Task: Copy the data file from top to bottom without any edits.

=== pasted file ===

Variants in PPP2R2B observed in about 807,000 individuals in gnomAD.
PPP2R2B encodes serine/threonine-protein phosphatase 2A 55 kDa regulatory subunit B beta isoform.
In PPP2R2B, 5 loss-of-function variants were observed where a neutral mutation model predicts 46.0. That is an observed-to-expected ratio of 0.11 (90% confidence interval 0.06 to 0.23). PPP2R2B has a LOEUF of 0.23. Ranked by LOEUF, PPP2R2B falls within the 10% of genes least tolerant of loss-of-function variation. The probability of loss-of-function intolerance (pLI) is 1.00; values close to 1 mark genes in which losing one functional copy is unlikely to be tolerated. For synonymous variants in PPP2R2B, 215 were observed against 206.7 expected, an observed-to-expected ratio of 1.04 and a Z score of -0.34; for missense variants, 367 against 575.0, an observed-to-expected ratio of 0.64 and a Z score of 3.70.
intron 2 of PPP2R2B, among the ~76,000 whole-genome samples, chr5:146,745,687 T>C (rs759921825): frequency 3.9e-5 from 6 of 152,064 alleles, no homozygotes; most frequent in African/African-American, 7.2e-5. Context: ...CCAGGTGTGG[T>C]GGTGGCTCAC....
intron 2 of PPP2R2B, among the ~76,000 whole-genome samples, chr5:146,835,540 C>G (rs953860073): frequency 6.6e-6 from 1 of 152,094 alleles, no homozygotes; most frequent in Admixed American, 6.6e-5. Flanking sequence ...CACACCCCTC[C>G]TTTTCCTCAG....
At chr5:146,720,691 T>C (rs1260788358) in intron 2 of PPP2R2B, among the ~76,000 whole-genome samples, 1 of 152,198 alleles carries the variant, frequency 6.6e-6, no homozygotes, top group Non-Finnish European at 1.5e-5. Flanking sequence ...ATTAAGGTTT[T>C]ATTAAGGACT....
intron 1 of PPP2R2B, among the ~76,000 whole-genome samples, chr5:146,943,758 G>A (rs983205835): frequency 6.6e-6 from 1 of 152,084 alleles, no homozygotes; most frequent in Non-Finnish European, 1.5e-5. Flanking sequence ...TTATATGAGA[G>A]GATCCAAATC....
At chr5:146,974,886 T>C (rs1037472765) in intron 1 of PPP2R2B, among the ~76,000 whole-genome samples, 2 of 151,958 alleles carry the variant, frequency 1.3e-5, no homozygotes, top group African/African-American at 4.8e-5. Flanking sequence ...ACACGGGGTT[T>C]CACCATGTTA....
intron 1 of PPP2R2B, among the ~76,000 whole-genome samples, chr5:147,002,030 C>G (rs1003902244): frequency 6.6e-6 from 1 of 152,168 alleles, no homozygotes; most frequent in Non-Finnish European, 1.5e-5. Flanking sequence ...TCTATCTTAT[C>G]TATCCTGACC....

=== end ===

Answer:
Variants in PPP2R2B observed in about 807,000 individuals in gnomAD.
PPP2R2B encodes serine/threonine-protein phosphatase 2A 55 kDa regulatory subunit B beta isoform.
In PPP2R2B, 5 loss-of-function variants were observed where a neutral mutation model predicts 46.0. That is an observed-to-expected ratio of 0.11 (90% confidence interval 0.06 to 0.23). PPP2R2B has a LOEUF of 0.23. Ranked by LOEUF, PPP2R2B falls within the 10% of genes least tolerant of loss-of-function variation. The probability of loss-of-function intolerance (pLI) is 1.00; values close to 1 mark genes in which losing one functional copy is unlikely to be tolerated. For synonymous variants in PPP2R2B, 215 were observed against 206.7 expected, an observed-to-expected ratio of 1.04 and a Z score of -0.34; for missense variants, 367 against 575.0, an observed-to-expected ratio of 0.64 and a Z score of 3.70.
intron 2 of PPP2R2B, among the ~76,000 whole-genome samples, chr5:146,745,687 T>C (rs759921825): frequency 3.9e-5 from 6 of 152,064 alleles, no homozygotes; most frequent in African/African-American, 7.2e-5. Context: ...CCAGGTGTGG[T>C]GGTGGCTCAC....
intron 2 of PPP2R2B, among the ~76,000 whole-genome samples, chr5:146,835,540 C>G (rs953860073): frequency 6.6e-6 from 1 of 152,094 alleles, no homozygotes; most frequent in Admixed American, 6.6e-5. Flanking sequence ...CACACCCCTC[C>G]TTTTCCTCAG....
At chr5:146,720,691 T>C (rs1260788358) in intron 2 of PPP2R2B, among the ~76,000 whole-genome samples, 1 of 152,198 alleles carries the variant, frequency 6.6e-6, no homozygotes, top group Non-Finnish European at 1.5e-5. Flanking sequence ...ATTAAGGTTT[T>C]ATTAAGGACT....
intron 1 of PPP2R2B, among the ~76,000 whole-genome samples, chr5:146,943,758 G>A (rs983205835): frequency 6.6e-6 from 1 of 152,084 alleles, no homozygotes; most frequent in Non-Finnish European, 1.5e-5. Flanking sequence ...TTATATGAGA[G>A]GATCCAAATC....
At chr5:146,974,886 T>C (rs1037472765) in intron 1 of PPP2R2B, among the ~76,000 whole-genome samples, 2 of 151,958 alleles carry the variant, frequency 1.3e-5, no homozygotes, top group African/African-American at 4.8e-5. Flanking sequence ...ACACGGGGTT[T>C]CACCATGTTA....
intron 1 of PPP2R2B, among the ~76,000 whole-genome samples, chr5:147,002,030 C>G (rs1003902244): frequency 6.6e-6 from 1 of 152,168 alleles, no homozygotes; most frequent in Non-Finnish European, 1.5e-5. Flanking sequence ...TCTATCTTAT[C>G]TATCCTGACC....